2003 Toyota Prius: Best tankful to date is about 52 MPG
The original Prius debuted in the North American market for the 2001 model year. However, Toyota had been selling it in Japan since 1997. This model was the second hybrid vehicle available to U.S. consumers after the Honda Insight. In just about every aspect, the original Prius has been eclipsed by the second-generation car. The first-generation Toyota is slower, smaller and not as comfortable. But this in no way means that it is to be avoided. For a consumer interested in a used hybrid vehicle, this first-gen Toyota Prius could be a smart choice.
Though less advanced than the one in the current model, the older Prius's powertrain still paired a gasoline engine with an electric motor. Its 1.5-liter four-cylinder engine made 70 hp at 4,500 rpm and 82 lb-ft of torque at 4,200 rpm. The electric drive motor was worth another 44 peak hp.
Selecting a used Prius based on year shouldn't be too difficult. Models built for 2002 and 2003 might have more of a draw, as it was then that Toyota started to offer additional optional features, such as a navigation system, side airbags and cruise control. Most first-generation owners seem quite happy with their cars and overall reliability has been very good. For additional peace of mind, these models came with an eight-year/100,000-mile warranty for the battery pack.
People’s perception of the Prius is by and large that of retired professors trying to save the World doing maybe 15 miles per hour. Well, maybe that is partly true, I certainly came across some of them, but should you decide to drive it hard the Prius will do the most unexpected things. Such as keeping up with absolutely everybody. 75? No problem. 80? No problem. Over 80, no comment.
Getting back to performance of the car -- I drive a combination of divided highway and city traffic. When you first get out on the road, if you are interested in maximizing the mileage per gallon, you don't gun it, you allow the car to gradually gain speed (0 to 60 in about 30 seconds). That part drives me crazy (having owned an early-1970s big block V-8), but once you get it up to speed you still get surprisingly good mileage. It's easy to turn into a Prius "geek" -- I've gotten into the habit of coasting down the garage driveway at work thereby boosting MPG. Best tankful to date is about 52 MPG.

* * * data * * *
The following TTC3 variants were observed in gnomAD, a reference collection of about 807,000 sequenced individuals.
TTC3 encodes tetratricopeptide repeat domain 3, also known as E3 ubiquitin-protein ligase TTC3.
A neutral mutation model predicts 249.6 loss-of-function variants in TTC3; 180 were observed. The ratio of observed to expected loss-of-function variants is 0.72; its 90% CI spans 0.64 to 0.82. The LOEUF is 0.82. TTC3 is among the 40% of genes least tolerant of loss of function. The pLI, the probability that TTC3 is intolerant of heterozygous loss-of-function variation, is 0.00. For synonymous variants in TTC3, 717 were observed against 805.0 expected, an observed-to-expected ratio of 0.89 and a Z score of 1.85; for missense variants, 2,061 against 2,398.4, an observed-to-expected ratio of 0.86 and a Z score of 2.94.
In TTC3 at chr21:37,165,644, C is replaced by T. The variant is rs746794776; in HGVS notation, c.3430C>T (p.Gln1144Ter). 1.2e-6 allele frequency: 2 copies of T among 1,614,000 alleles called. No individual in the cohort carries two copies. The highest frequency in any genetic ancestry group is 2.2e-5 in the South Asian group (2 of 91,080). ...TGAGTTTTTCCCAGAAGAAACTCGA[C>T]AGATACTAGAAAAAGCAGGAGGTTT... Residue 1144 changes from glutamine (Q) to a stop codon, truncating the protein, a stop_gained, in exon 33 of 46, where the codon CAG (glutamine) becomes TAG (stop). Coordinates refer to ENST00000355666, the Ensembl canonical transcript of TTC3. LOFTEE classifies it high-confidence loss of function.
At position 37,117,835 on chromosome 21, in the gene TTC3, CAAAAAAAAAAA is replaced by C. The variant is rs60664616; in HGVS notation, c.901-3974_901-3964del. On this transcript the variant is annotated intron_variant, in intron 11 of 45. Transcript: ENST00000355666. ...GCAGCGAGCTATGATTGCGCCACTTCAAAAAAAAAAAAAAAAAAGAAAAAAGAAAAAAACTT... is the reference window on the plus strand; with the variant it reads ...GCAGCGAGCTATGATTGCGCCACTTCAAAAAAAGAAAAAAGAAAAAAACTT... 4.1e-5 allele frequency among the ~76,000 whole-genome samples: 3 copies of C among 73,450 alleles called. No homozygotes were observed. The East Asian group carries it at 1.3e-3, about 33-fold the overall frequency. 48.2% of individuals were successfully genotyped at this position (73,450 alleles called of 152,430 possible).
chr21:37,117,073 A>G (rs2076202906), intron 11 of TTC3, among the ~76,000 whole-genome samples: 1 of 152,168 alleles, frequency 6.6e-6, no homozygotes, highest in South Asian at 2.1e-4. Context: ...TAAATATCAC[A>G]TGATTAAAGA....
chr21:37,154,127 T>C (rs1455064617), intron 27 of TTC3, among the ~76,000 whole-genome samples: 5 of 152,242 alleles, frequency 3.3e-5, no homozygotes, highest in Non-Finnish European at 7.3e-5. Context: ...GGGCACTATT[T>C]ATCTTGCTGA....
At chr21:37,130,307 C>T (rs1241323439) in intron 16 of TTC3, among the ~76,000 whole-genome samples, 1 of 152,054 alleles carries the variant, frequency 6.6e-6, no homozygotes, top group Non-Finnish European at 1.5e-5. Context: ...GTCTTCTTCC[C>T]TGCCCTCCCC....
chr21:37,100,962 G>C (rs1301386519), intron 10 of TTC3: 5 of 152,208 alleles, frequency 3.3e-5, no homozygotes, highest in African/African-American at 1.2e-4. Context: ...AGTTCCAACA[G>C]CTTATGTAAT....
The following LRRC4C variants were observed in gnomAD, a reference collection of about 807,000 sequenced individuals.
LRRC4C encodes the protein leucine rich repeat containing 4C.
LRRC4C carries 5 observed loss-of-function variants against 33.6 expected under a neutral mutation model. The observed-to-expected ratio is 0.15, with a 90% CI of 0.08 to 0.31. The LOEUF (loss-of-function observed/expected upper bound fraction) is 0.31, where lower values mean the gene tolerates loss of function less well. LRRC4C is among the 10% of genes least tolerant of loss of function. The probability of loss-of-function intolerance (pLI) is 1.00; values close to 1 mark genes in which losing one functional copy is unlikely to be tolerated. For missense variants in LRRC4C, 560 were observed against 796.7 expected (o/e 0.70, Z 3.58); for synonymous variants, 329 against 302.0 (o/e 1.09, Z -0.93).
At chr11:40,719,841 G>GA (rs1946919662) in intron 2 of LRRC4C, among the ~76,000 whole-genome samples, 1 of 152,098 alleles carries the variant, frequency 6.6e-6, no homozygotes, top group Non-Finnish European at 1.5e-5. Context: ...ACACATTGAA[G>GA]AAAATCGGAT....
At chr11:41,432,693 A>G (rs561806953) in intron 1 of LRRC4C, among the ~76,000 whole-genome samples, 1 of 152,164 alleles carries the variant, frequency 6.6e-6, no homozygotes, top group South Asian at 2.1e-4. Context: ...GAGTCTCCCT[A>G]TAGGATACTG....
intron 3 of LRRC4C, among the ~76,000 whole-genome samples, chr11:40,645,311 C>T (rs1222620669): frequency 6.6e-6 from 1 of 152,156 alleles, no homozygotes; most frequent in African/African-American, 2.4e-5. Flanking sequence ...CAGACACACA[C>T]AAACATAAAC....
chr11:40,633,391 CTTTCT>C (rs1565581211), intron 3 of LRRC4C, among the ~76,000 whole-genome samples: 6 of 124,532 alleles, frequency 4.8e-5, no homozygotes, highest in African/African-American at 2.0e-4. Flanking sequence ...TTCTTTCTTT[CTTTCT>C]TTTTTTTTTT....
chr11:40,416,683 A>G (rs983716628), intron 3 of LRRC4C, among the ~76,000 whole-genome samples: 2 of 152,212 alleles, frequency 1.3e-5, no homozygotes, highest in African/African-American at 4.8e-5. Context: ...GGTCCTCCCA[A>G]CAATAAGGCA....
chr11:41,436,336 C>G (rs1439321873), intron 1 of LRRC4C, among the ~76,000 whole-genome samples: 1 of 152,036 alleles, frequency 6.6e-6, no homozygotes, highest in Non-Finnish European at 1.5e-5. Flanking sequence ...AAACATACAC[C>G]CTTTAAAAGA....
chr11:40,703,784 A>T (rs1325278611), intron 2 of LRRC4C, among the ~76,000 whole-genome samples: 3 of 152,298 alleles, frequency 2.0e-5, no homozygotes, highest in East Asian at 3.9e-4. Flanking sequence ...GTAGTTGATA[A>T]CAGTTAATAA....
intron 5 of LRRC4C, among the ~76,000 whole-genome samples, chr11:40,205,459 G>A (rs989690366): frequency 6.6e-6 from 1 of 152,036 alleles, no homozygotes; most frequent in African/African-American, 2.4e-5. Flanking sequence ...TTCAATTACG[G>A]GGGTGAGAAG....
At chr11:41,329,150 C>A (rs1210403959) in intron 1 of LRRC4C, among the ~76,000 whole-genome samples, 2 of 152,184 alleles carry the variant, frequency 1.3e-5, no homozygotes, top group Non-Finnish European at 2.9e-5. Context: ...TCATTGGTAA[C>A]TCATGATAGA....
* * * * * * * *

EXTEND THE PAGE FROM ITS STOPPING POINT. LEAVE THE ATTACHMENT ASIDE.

During the peak heat of summer, which reaches 95+ degrees here, the A/C runs most of the time and our mileage drops to about 38 mpg. I don't think we have ever seen less than 36 mpg. During the rest of the year we consistently enjoy 44 mpg. That represents a mix of 60% city and 40% highway driving.
The only real dislikes are the car's lack of leg room, both front and rear. It's ok for those 5'8" and under, but for someone who is 6' or more one can only push the seat back just so far. For a car it's size it has a very spacious trunk, but most cars it's size also have 60/40 fold-down rear seats - a real oversight on the part of Toyota engineers.
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